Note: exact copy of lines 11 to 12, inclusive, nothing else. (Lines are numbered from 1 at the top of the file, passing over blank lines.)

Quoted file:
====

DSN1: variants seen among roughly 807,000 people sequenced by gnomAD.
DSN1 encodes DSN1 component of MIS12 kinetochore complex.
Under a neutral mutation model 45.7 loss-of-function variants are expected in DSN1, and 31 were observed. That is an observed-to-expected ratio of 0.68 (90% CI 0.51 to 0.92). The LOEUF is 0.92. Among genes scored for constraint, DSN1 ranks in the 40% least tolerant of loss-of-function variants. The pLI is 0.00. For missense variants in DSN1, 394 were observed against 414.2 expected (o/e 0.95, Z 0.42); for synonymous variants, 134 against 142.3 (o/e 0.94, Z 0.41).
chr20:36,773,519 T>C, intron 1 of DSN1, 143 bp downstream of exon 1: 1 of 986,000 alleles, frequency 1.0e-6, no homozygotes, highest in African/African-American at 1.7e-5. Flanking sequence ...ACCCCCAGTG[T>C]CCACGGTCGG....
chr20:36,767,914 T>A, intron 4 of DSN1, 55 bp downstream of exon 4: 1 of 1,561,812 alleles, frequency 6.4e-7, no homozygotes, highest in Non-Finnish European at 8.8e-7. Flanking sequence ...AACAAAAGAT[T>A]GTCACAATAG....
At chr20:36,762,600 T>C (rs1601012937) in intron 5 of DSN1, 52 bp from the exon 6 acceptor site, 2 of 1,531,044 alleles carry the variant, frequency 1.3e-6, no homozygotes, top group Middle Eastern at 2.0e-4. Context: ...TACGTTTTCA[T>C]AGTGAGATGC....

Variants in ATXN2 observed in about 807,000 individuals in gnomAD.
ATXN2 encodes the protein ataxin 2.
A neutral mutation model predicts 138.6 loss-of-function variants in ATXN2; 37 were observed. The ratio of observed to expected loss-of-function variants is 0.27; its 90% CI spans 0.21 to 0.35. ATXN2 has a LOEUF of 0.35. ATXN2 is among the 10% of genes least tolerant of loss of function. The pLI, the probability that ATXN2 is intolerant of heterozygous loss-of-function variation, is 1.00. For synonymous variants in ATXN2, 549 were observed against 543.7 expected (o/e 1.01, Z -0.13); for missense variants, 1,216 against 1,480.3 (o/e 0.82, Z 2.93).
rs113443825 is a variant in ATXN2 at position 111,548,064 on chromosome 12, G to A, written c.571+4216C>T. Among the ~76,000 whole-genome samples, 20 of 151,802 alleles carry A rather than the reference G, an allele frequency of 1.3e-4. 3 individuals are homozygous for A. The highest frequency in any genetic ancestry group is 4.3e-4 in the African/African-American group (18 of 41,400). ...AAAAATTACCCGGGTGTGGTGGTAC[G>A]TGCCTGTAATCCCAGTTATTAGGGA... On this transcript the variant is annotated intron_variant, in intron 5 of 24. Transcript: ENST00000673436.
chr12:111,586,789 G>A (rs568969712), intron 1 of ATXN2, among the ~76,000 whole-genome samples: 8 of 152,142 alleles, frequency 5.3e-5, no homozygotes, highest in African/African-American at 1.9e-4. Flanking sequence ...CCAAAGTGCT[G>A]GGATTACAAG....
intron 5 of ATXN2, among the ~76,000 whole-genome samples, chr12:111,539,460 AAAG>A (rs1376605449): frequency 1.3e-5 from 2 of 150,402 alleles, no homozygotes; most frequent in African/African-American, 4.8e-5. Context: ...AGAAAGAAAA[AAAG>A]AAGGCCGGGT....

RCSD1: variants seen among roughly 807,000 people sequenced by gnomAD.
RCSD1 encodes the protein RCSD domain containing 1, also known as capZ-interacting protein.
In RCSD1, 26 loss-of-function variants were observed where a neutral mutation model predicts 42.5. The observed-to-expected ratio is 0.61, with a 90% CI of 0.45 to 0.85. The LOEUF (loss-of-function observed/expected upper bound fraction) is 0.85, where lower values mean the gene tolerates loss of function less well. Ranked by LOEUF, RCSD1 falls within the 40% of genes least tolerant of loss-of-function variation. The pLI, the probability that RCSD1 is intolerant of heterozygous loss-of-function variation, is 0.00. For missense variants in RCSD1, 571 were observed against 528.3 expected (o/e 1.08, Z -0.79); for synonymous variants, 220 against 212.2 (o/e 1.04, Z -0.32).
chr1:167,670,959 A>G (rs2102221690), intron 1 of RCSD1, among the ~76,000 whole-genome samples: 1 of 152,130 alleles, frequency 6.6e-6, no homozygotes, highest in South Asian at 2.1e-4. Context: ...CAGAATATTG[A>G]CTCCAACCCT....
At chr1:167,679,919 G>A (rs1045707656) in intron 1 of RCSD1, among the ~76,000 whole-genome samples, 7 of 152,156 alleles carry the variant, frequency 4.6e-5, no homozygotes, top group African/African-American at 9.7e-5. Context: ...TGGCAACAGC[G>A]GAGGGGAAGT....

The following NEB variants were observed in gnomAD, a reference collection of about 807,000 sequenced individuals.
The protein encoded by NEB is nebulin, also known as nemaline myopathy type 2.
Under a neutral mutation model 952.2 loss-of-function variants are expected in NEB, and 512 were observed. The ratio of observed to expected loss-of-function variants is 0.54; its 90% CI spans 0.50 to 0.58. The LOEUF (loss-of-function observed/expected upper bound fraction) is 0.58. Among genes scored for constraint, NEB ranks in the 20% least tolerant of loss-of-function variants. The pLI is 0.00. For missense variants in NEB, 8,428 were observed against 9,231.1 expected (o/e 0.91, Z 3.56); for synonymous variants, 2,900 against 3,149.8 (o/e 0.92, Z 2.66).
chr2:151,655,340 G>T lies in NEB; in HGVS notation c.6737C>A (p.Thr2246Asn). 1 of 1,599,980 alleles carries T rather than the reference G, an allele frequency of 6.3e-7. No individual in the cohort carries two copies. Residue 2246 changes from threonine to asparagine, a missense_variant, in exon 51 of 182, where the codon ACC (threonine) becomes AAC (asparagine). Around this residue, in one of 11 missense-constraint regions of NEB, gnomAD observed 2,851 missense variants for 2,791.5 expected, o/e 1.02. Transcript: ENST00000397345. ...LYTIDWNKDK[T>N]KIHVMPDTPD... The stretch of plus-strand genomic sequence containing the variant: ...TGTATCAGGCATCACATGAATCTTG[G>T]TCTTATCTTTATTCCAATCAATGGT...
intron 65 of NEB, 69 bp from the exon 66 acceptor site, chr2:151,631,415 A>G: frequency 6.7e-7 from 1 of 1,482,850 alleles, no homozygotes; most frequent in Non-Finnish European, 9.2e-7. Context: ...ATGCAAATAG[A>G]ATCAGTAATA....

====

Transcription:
chr12:111,586,789 G>A (rs568969712), intron 1 of ATXN2, among the ~76,000 whole-genome samples: 8 of 152,142 alleles, frequency 5.3e-5, no homozygotes, highest in African/African-American at 1.9e-4. Flanking sequence ...CCAAAGTGCT[G>A]GGATTACAAG....
intron 5 of ATXN2, among the ~76,000 whole-genome samples, chr12:111,539,460 AAAG>A (rs1376605449): frequency 1.3e-5 from 2 of 150,402 alleles, no homozygotes; most frequent in African/African-American, 4.8e-5. Context: ...AGAAAGAAAA[AAAG>A]AAGGCCGGGT....